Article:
Corbyn’s foreign policy argument is that NATO is a hegemonic instrument for the West, particularly America and oil companies. Recent history has shown that the United States has declared war on more states, like Iraq and Panama and non-state actors like Al-Qaeda or Somali rebels than Russia has. NATO has been used in interventions, like Libya, that in Corbyn’s eyes bring together NATO’s imperialism and oil security. Further evidence cited by Corbyn is that NATO is by far the strongest military alliance in the world– with a combined budget of $900 billion, with the United States contributing two thirds; it dwarfs Russia’s $50 billion. This hard military power can only ever be malign, military force that size cannot be benign according to Corbyn.    

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Through the Looking-Glass: Looking Westwards from Berlin

The Atlantic Review stands for analysis and commentary on transatlantic issues from security and economics to pop culture and Fulbright.

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Popular topics of our blog posts include: Afghanistan, Anti-Americanism, NATO, Iran, Iraq, Terrorism, European Union. Click here for a full list of the issues we cover.

Joerg WolfJörg Wolf founded Atlantic Review in July 2003. Joerg Wolf works as project manager and Editor-in-Chief of the Atlantic Community, the open think tank on global issues, published by the Atlantic Initiative e.V. in Berlin. Joerg studied political science at the Free University of Berlin and worked as a research associate for the International Risk Policy project at the Free University's Center for Transatlantic Foreign and Security Policy. He has been a Fulbright Fellow at Johns Hopkins University in Baltimore and Washington DC and has worked for the Friedrich Ebert Foundation in Cairo and in Berlin.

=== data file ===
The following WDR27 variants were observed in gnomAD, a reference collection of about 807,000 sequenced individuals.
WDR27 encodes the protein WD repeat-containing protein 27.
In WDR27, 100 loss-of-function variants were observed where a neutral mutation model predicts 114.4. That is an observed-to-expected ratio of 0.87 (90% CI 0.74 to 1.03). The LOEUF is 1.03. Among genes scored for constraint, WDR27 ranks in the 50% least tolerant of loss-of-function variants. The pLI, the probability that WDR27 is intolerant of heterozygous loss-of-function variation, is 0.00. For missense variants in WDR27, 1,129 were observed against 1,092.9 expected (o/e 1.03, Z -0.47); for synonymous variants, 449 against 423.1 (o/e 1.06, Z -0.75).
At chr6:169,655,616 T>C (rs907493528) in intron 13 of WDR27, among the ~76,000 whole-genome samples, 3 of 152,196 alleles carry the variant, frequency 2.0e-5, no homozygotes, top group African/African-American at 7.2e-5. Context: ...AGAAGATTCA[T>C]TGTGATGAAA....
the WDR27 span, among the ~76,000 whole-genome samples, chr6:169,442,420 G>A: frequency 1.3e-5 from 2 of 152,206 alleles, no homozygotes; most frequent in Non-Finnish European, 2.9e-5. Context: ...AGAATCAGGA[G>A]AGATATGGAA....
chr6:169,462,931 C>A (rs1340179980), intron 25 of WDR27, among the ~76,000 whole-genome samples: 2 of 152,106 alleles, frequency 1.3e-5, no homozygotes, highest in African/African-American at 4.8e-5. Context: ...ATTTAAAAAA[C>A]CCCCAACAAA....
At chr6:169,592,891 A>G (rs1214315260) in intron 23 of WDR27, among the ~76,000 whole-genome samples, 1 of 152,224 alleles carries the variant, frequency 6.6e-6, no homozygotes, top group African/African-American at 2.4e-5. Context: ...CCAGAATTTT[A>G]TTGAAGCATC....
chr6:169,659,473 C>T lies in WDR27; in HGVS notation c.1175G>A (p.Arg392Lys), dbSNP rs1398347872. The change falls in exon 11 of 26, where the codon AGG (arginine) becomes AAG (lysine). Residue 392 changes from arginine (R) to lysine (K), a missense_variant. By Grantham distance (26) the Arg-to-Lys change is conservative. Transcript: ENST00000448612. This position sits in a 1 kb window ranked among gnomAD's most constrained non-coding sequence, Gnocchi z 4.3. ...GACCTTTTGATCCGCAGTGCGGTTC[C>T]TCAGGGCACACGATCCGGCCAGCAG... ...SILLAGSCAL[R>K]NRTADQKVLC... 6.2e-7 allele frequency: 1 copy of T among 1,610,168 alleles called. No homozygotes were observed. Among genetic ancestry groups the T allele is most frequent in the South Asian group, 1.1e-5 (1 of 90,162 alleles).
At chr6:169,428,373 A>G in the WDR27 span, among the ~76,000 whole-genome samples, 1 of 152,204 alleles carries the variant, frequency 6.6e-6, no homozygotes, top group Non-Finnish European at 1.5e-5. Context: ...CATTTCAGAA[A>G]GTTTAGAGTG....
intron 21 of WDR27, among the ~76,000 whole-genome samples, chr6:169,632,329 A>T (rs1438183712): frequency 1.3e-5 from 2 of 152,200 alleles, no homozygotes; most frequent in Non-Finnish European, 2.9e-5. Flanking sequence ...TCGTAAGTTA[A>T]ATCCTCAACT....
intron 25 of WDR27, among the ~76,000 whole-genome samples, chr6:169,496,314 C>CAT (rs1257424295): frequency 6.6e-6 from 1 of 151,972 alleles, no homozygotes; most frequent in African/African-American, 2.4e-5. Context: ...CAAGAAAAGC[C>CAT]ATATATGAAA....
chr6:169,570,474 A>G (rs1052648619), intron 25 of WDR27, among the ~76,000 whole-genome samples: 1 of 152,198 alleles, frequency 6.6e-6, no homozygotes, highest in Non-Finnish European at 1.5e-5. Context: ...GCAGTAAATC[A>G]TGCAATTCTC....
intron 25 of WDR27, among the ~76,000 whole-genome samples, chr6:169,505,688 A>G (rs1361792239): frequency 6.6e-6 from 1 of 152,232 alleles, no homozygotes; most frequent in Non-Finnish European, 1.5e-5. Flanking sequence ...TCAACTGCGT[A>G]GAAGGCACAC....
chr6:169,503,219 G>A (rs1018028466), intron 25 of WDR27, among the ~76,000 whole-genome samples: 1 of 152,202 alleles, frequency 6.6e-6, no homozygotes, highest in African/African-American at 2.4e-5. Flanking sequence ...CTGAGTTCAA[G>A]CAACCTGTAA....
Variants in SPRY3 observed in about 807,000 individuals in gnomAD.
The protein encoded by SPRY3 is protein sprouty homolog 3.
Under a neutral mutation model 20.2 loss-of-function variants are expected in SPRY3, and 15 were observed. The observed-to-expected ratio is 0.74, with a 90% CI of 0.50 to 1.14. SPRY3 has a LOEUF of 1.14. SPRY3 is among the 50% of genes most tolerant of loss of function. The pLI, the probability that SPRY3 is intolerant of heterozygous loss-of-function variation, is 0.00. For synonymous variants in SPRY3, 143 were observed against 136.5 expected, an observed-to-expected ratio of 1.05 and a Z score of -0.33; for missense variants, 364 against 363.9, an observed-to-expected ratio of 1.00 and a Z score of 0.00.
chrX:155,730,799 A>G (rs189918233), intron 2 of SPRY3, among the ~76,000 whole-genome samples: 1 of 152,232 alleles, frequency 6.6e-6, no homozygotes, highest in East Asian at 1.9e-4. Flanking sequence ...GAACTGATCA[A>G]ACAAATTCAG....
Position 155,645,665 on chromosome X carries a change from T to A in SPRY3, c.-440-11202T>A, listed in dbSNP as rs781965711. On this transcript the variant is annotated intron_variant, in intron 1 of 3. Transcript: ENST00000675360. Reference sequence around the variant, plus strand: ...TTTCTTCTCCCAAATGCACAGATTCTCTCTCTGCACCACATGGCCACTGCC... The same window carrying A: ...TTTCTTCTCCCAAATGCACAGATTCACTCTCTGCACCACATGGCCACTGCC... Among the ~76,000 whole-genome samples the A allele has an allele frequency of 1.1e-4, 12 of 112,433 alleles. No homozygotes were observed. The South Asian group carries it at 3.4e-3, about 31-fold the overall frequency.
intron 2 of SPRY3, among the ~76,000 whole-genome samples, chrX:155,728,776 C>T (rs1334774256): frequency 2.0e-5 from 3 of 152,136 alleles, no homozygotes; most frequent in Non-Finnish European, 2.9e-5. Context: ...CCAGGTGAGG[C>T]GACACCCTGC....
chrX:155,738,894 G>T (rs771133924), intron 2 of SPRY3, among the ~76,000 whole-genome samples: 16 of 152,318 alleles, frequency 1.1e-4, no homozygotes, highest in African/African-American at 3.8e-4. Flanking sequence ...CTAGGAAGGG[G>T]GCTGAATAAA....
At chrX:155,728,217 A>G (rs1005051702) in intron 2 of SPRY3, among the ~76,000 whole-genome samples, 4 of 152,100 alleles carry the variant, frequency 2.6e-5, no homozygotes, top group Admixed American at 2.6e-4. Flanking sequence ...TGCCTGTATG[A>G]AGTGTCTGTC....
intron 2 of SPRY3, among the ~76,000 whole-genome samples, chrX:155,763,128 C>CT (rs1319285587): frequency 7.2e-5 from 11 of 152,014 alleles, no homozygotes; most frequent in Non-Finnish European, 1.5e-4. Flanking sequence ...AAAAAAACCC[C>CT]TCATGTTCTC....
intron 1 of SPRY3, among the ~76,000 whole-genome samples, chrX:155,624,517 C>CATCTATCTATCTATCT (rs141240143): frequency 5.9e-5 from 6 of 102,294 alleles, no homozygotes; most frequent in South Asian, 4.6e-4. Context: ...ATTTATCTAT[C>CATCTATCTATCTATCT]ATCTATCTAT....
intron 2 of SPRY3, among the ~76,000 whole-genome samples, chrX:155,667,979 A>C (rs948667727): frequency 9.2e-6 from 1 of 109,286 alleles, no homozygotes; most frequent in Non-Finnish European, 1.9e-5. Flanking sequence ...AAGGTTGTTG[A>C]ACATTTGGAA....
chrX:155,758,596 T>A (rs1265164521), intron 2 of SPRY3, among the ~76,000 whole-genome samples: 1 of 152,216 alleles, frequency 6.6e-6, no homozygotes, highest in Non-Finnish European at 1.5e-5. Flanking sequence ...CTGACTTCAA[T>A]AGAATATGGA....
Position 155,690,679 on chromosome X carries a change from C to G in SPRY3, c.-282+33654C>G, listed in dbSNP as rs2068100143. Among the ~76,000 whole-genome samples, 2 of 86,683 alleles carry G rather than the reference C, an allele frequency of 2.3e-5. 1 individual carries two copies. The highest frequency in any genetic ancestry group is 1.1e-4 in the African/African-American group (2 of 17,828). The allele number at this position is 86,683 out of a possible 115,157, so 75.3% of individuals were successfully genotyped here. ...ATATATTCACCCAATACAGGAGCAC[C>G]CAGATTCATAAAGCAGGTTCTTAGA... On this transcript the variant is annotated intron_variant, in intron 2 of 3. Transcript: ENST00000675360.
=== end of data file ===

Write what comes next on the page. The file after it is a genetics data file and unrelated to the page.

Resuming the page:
Christian RieckChristian E. Rieck joined Atlantic Review in April 2015. He is presently an Analyst at the Konrad Adenauer Foundation in Berlin, with an emphasis on German foreign and development policy. More generally, his research interests lie in the international relations of Regional Powers, regional power dynamics and their role in regional integration mechanisms. Prior work experience at the Global Governance Institute in Brussels, at the German Institute for Global and Area Studies in Hamburg, and as a Carlo Schmid Fellow at the United Nations’ CEPAL in Mexico City. A Latin Americanist with studies in Bayreuth, Seville, Berlin and Oxford, Christian now also teaches contemporary history and international relations at Humboldt-University Berlin and Free University Brussels.

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The Next Big Transatlantic Project: A Free Trade Area Plus